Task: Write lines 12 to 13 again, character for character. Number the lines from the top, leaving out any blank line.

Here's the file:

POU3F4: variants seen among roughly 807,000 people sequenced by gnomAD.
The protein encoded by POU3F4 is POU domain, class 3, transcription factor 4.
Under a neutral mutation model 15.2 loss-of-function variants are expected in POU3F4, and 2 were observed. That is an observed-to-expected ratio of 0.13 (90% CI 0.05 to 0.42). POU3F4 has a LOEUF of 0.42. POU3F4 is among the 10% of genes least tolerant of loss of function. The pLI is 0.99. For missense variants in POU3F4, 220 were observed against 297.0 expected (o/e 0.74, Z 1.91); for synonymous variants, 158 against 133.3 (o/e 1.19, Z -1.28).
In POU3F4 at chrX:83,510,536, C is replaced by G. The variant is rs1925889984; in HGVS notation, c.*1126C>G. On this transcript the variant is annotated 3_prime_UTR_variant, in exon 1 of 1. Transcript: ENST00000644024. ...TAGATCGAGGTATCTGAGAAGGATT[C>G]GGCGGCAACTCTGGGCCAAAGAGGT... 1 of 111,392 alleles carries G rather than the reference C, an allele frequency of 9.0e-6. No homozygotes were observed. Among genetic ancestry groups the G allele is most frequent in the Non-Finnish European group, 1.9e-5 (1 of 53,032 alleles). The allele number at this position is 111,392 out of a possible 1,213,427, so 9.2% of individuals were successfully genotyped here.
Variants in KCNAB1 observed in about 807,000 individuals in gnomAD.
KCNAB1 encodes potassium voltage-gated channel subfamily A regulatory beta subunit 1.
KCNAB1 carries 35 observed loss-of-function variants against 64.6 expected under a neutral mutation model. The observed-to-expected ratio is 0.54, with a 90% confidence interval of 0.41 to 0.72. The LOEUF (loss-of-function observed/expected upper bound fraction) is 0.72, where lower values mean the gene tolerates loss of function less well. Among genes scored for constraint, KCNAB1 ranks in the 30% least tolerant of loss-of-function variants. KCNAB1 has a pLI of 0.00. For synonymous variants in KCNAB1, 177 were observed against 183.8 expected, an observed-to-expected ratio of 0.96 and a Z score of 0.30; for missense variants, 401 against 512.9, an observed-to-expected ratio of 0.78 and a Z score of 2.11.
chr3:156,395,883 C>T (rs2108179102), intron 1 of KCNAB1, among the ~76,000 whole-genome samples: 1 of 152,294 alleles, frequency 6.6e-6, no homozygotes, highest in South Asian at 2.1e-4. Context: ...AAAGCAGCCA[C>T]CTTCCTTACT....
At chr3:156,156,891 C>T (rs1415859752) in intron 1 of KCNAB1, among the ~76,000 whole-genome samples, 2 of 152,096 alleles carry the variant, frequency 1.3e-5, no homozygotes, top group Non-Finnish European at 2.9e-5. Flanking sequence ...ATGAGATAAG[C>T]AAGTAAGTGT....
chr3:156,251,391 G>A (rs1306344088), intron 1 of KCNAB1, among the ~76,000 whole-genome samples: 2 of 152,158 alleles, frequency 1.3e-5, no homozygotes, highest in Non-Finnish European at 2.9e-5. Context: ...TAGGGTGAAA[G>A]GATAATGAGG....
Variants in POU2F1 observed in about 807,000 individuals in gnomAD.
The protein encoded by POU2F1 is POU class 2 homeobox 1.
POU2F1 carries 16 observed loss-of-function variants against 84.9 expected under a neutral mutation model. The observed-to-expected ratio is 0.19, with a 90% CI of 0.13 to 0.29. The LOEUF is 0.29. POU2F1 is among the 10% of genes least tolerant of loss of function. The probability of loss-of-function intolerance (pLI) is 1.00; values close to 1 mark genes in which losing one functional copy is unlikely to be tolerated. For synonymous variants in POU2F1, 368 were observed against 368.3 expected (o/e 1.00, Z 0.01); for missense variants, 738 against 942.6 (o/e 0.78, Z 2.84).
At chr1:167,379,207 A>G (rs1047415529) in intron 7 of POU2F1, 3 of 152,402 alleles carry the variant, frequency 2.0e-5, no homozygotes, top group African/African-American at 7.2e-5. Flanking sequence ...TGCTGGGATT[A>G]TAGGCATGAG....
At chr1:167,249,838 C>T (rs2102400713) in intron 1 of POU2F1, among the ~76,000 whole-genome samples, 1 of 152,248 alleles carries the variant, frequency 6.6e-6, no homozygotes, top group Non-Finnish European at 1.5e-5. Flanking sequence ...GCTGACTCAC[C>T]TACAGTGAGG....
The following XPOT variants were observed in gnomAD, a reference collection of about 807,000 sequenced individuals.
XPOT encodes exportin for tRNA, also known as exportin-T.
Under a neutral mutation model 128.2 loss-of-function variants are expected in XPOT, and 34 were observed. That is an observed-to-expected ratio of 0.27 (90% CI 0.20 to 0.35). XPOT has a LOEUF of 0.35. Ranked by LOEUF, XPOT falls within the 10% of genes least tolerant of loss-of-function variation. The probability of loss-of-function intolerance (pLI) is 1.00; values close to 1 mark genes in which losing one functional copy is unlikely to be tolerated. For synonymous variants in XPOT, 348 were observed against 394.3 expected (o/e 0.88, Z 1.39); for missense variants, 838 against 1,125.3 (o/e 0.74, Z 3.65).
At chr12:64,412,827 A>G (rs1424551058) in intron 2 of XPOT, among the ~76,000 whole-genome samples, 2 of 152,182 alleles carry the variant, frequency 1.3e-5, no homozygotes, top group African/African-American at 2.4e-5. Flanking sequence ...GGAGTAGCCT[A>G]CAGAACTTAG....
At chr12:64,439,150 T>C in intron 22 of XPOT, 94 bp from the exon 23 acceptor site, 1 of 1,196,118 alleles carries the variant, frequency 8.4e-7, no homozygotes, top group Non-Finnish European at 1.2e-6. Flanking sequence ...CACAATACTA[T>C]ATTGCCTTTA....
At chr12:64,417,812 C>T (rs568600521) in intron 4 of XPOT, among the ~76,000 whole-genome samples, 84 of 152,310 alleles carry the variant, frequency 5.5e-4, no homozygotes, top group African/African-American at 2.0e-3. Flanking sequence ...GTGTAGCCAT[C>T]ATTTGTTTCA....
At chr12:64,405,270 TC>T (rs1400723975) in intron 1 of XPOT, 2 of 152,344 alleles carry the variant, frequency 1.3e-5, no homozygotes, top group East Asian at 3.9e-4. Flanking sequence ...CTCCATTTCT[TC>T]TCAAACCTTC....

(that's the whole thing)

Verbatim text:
The protein encoded by POU2F1 is POU class 2 homeobox 1.
POU2F1 carries 16 observed loss-of-function variants against 84.9 expected under a neutral mutation model. The observed-to-expected ratio is 0.19, with a 90% CI of 0.13 to 0.29. The LOEUF is 0.29. POU2F1 is among the 10% of genes least tolerant of loss of function. The probability of loss-of-function intolerance (pLI) is 1.00; values close to 1 mark genes in which losing one functional copy is unlikely to be tolerated. For synonymous variants in POU2F1, 368 were observed against 368.3 expected (o/e 1.00, Z 0.01); for missense variants, 738 against 942.6 (o/e 0.78, Z 2.84).